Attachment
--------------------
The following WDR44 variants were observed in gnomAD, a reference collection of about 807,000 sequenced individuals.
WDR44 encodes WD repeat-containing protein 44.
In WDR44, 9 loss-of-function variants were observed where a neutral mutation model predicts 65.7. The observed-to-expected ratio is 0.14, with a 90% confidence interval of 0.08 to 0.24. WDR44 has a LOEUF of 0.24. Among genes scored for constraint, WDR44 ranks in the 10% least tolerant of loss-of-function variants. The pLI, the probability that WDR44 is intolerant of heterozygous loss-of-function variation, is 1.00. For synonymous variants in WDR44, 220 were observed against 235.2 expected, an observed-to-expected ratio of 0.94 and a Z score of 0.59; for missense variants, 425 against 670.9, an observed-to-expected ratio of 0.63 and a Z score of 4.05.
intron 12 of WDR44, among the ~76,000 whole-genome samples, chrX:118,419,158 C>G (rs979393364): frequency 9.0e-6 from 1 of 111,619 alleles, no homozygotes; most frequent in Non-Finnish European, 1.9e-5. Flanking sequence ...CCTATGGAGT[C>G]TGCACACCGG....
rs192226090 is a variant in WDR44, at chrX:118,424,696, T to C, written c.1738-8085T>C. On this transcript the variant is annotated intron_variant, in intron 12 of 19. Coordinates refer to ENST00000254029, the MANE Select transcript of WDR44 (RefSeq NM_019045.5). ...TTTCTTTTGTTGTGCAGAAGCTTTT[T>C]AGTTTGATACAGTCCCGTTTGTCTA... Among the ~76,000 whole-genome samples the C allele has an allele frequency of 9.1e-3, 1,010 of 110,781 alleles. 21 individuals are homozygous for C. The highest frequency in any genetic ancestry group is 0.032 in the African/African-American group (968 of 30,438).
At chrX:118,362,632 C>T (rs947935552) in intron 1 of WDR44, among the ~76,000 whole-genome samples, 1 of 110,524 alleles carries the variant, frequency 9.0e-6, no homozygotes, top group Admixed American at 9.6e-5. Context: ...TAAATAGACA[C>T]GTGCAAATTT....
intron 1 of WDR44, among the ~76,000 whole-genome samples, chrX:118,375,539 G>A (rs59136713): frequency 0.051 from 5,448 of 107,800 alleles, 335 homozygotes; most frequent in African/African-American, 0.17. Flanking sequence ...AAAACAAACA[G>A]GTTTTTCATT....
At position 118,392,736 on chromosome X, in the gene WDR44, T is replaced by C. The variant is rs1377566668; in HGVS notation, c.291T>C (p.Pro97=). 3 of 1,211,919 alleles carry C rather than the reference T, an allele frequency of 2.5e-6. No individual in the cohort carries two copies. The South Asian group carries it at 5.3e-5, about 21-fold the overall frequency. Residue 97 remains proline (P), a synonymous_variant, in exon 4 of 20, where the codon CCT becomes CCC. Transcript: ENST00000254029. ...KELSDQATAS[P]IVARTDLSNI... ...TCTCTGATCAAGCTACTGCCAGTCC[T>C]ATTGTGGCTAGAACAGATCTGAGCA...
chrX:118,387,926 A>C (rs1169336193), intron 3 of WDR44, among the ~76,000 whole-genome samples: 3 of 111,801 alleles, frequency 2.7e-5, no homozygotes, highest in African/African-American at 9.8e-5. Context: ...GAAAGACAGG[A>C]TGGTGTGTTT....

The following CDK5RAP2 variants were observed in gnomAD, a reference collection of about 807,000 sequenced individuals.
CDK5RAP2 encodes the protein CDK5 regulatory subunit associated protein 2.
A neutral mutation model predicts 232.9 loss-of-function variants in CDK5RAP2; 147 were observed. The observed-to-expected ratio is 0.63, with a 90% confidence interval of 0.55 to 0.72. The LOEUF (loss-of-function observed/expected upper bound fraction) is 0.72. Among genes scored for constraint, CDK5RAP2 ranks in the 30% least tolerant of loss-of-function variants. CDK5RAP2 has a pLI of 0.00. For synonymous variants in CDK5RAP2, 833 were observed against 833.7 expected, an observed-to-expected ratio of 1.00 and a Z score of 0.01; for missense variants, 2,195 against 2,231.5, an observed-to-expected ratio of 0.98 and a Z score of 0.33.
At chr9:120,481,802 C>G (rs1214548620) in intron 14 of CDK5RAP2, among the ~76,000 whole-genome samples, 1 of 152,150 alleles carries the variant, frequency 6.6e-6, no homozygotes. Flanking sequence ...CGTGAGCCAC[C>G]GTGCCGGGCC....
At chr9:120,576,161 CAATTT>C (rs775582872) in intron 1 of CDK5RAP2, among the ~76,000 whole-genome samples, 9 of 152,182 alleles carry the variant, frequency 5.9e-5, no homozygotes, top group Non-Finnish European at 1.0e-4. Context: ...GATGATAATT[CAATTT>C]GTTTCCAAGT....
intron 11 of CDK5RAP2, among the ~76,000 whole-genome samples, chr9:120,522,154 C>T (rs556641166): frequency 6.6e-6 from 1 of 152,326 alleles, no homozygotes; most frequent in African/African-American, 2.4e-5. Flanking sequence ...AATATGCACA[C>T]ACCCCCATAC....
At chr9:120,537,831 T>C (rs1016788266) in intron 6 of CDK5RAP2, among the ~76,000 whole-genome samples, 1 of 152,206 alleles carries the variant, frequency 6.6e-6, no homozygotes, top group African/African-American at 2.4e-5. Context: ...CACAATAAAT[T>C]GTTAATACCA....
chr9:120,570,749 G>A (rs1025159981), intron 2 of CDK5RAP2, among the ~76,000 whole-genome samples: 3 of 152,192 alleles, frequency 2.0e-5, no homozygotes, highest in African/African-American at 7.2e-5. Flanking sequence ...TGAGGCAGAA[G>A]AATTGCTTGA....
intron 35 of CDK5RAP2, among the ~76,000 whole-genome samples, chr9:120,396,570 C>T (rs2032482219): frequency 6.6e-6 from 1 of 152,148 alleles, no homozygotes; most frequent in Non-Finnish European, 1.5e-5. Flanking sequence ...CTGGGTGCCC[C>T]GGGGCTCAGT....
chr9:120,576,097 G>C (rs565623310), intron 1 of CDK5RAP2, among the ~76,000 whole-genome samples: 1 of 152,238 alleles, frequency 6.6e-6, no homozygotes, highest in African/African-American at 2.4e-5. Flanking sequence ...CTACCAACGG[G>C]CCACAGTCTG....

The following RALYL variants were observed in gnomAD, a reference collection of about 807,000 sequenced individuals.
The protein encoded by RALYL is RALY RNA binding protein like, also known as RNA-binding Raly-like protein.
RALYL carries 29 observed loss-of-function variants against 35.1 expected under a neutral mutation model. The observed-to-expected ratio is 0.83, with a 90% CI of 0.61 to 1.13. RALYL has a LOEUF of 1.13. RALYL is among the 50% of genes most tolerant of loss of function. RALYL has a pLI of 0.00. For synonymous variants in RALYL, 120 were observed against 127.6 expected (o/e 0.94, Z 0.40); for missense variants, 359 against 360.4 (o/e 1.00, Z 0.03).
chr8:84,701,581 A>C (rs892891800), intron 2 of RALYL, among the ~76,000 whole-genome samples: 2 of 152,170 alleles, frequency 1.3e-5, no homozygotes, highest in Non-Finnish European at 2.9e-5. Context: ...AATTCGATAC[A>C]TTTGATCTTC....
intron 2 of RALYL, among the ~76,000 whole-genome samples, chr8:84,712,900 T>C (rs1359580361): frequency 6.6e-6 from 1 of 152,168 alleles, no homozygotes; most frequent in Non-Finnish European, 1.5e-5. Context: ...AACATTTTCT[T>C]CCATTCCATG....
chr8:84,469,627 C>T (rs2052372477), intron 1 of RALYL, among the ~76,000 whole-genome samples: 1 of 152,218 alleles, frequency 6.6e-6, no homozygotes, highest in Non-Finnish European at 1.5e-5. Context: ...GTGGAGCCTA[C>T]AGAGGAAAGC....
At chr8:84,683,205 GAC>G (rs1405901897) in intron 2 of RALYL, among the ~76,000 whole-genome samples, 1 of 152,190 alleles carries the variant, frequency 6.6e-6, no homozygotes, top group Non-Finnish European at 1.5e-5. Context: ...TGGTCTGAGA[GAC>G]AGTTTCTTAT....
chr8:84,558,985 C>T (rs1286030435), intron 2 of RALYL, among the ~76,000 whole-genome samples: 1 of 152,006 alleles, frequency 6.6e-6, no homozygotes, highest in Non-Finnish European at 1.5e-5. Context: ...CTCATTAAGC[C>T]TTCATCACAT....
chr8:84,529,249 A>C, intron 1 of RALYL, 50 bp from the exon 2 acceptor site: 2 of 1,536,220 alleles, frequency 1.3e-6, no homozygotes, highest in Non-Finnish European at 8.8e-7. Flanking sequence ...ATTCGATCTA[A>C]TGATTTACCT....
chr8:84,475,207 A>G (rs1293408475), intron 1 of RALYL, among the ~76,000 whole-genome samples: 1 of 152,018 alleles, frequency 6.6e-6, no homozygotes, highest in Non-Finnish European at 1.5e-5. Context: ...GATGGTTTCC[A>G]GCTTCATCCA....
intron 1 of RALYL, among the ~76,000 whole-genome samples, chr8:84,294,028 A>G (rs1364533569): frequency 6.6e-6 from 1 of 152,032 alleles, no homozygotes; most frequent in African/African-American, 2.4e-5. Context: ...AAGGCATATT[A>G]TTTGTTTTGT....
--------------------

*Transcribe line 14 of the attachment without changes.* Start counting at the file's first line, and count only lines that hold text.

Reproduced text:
At chr9:120,576,161 CAATTT>C (rs775582872) in intron 1 of CDK5RAP2, among the ~76,000 whole-genome samples, 9 of 152,182 alleles carry the variant, frequency 5.9e-5, no homozygotes, top group Non-Finnish European at 1.0e-4. Context: ...GATGATAATT[CAATTT>C]GTTTCCAAGT....